Catering industry leaders have cautioned Hong Kong’s restaurants and bars against treading into grey zones around the city’s Covid-19 social-distancing rules, noting many are serving more people than allowed and failing to set up effective barriers between tables to minimise infection risks.
The Wednesday warning was aimed squarely at the many eateries around the city that have separated diners at the same table with small acrylic panels in order to serve more than allowed, rather than using them to segregate tables as mandated by the law.
From what I’ve observed, most restaurants adopt this seating arrangement to serve more customers. I think this is crossing the line
Simon Wong, Hong Kong Federation of Restaurants and Related Trades
Under the city’s existing social-distancing rules, eateries and bars can serve a maximum of four and two people per table, respectively, while operating at no more than 50 per cent of seating capacity.
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Venues are to keep a distance of at least 1.5 metres between tables or install “effective partitions” to serve as a buffer. Business operators flouting the rules face a maximum fine of HK$50,000 and imprisonment for six months.
Under a new measure effective on Wednesday, diners can now also be held liable for breaching the rules, and subject to a fixed penalty of HK$2,000.
Anthea Cheung So-may, director of the Lan Kwai Fong Association, which has more than 100 members in the nightclub hub, acknowledged many restaurants and bars had attempted to skirt the rules to maximise their business.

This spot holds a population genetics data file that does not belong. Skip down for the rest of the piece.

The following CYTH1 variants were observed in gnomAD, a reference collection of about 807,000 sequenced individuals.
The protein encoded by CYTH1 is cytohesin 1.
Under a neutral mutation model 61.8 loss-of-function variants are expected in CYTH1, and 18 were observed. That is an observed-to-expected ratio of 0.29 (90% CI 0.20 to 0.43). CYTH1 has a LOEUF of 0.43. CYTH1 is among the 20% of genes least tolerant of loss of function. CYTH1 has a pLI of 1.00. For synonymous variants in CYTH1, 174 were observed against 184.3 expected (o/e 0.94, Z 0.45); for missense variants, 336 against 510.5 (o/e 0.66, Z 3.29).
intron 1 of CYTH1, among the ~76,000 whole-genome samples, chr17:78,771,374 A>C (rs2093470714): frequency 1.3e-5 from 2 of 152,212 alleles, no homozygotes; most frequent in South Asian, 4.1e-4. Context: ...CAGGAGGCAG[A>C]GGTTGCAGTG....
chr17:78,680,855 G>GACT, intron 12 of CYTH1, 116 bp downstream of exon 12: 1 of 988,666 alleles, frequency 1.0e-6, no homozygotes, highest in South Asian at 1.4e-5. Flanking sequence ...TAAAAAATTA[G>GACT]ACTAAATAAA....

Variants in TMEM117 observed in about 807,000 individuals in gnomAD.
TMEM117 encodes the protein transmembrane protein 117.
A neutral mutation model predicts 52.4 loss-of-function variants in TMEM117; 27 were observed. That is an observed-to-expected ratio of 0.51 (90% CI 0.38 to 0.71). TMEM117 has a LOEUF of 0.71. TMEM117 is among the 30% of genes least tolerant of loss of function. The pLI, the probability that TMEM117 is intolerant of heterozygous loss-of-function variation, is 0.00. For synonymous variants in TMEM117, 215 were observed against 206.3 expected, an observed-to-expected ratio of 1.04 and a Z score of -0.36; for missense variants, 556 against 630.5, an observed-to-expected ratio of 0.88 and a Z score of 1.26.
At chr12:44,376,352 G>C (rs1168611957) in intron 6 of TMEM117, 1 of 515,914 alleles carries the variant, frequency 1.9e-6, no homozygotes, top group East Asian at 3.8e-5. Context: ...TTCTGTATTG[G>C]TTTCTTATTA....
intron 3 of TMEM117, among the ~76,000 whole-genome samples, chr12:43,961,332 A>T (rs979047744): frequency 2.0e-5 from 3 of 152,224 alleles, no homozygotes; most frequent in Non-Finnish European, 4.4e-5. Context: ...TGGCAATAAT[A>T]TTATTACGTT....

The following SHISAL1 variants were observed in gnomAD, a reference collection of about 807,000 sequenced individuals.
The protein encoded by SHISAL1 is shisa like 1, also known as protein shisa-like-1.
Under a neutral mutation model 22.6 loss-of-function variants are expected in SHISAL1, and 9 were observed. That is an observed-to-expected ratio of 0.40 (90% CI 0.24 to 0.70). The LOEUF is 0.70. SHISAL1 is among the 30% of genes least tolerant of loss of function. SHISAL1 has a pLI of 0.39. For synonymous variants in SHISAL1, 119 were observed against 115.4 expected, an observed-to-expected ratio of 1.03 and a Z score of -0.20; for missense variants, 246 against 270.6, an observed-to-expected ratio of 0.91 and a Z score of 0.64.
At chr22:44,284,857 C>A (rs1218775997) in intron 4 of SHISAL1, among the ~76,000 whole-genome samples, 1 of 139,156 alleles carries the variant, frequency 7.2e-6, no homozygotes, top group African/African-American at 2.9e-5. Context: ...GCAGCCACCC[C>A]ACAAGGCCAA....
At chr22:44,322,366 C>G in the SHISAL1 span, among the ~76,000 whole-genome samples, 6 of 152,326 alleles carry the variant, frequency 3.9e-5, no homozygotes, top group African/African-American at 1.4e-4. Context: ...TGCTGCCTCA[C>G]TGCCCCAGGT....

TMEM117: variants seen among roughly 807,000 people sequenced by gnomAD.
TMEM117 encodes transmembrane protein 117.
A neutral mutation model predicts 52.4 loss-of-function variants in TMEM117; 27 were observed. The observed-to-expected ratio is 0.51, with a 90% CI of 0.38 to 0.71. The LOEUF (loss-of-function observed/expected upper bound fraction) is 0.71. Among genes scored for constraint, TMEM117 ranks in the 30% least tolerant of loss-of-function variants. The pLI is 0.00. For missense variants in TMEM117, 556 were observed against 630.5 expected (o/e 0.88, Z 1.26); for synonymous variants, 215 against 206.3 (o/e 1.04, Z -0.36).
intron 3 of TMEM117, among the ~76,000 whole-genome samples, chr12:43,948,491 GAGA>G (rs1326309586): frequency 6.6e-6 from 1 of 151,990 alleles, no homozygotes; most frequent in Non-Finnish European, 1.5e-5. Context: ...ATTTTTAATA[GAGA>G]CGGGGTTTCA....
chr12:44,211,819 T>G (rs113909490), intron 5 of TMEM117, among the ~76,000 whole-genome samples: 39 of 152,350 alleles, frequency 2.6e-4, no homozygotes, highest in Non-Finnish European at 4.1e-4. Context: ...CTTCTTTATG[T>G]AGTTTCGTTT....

“The rule allows restaurants and bars, especially small ones, to install ‘effective partitions’ between tables if they can’t keep a distance of at least 1.5 metres between tables,” she said.
“However, many have instead put up plastic panels to separate diners at the same table, which is not really stated in the law. This is really a grey area,” she said.
Other nearby restaurants also [subdivide tables with plastic barriers]. We can arrange two separate tables for you if you don’t like this arrangement
An employee at a Ting Kau restaurant
A Post reporter called up Yue Kee Roast Goose Restaurant in Ting Kau for a booking of seven people on Wednesday, and a waitress said they could arrange a table for eight with two plastic panels inserted to separate diners.
When the reporter asked if that would comply with social-distancing rules, the woman said: “We’ve been making this arrangement for the past few days and things have been alright for us. Other nearby restaurants also take similar measures. We can arrange two separate tables for you if you don’t like this arrangement.”
Cheung said she would send a reminder to members urging them to strictly follow the rules, noting police and health inspectors had already warned some outlets to install partitions that properly segregate tables.
Simon Wong Ka-wo, president of the Hong Kong Federation of Restaurants and Related Trades, admitted that while setting up partitions was something of a grey zone, he doubted it was within the rules laid down.
“From what I’ve observed, most restaurants adopt this seating arrangement to serve more customers. I think this is crossing the line,” he said.
However, Wong also blamed the government for failing to clarify what precisely was meant by an “effective partition”.
“The law doesn’t clearly define this requirement, that’s why many restaurants don’t strictly follow the seating rules, especially those seafood restaurants with outdoor seating in Sai Kung. They simply don’t know how to accurately implement the rules,” he said.
Wong said he had personally witnessed health inspectors conducting checks at those restaurants, only to leave without making any comment.
Simon Wong Kit-lung, who runs the LH Group of restaurants, said tables at his company’s 37 eateries would not exceed the four-person maximum, while acknowledging many other eateries were using the thin partitions to do just that.
“Restaurants wish to do more business during the holidays, but having more than four people sharing a table is not right,” he said.
Additional reporting by Denise Tsang
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